Laughter Health Benefits
By Andrew O'Mann
Laughter can represent recognition of a good joke, the physical reaction of a tickle, the frustration of your favorite team playing badly or nervousness of a first date. Whatever the reason for laughter, many studies support the benefits to both our internal and external body.
Article Source: Ezine Articles
As young children we laughed a lot. Around 300 times a day was the norm. However, as we grow up and experience more pressures in life and become more aware of social, political and environmental attitudes, our laughter rate falls all the way down to a pitiful 15 times a day, if that.
When we laugh our brain releases a chemical called endorphins that improves our overall mood and reduces levels of the stress hormone cortisol. Therefore, whilst laughing may be a sign that we are happy it is more accurate to say that laughing makes us happier. The great thing is that our body cannot really distinguish between a fake and real laugh and will release the same positive effects with both. So, even if you feel you have nothing to laugh about - do it anyway.
Laughter provides for a great workout. You can work your abdominal muscles, diaphragm, facial muscles, respiratory system and back. You will know how well you have worked these after a continuous laughing session - we have all felt it. In fact, the workout can be so intense that researchers have implied that 20 seconds of laughter could be as good for the lungs as three minutes on a rowing machine. It is great for your facial muscles and reduces facial tension which reduces the formation of wrinkles, thus, being one solution to anti-aging signs. The release of endorphins is well documented as being a natural painkiller.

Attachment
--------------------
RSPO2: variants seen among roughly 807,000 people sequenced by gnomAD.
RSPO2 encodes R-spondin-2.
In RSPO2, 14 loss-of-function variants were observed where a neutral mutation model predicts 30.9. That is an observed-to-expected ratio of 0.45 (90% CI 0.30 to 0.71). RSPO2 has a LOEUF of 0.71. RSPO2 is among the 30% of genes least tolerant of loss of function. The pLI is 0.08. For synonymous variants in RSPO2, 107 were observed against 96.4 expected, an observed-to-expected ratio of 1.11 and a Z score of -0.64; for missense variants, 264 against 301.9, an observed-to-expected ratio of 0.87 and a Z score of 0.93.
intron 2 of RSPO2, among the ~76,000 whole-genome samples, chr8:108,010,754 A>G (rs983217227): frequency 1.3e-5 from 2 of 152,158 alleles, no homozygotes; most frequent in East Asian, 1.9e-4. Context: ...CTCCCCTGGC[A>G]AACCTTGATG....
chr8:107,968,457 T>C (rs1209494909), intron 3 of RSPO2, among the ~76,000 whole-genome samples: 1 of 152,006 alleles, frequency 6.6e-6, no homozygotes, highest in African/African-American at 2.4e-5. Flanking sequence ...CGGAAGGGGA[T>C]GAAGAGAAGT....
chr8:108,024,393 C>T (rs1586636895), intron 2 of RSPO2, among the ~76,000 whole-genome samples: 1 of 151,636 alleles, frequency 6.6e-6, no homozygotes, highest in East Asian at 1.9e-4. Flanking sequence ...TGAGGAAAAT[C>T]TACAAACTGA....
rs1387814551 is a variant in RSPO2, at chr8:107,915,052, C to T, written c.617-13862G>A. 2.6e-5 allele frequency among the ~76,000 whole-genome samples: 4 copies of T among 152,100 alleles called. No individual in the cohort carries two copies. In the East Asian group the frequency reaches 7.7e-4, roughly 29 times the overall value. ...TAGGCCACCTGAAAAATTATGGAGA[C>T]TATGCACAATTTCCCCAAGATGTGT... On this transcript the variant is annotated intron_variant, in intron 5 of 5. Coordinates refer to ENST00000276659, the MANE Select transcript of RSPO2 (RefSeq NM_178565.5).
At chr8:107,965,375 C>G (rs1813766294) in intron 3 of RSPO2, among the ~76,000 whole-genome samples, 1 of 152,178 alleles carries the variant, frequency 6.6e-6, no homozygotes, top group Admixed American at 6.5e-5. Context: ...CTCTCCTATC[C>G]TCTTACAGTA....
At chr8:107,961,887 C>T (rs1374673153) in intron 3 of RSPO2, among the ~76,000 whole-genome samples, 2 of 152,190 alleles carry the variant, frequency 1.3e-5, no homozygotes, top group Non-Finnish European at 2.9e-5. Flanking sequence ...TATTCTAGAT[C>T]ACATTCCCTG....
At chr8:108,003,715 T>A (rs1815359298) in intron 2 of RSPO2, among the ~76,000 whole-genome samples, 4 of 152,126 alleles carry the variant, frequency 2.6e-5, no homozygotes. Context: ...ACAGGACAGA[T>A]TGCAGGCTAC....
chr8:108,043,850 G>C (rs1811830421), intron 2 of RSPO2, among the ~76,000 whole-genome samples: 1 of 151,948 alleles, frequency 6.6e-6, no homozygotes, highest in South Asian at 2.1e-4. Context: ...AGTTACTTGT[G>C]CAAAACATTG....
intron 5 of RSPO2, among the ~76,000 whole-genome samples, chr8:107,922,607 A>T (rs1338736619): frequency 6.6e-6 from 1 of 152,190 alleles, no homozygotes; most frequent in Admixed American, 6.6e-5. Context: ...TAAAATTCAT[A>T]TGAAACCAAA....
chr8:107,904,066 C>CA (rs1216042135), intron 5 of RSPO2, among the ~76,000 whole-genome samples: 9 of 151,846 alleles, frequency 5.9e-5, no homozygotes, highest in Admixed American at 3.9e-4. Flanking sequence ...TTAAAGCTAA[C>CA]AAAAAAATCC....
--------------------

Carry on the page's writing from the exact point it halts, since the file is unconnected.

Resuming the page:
Other studies have pointed to an improved immune system in women, the control of headaches, and heart health benefits. In addition, it is likely to help you build relationships and have a more fulfilled career.
Whilst the benefits of laughing and having a good sense of humor are well recognized, it is unfortunate that some people just don't see the funny side and are unable to laugh even 15 times a day. Perhaps the reason is depression, stress or just being too busy to laugh.
Laughter therapy should be built into a day's schedule - just laugh for no reason everyday. Anything that happens before, after and in between can be considered a bonus, but do try to set aside some time to yourself and do something that you enjoy which is likely to spark some laughter.
Andrew O'Mann writes about finance, health and fitness.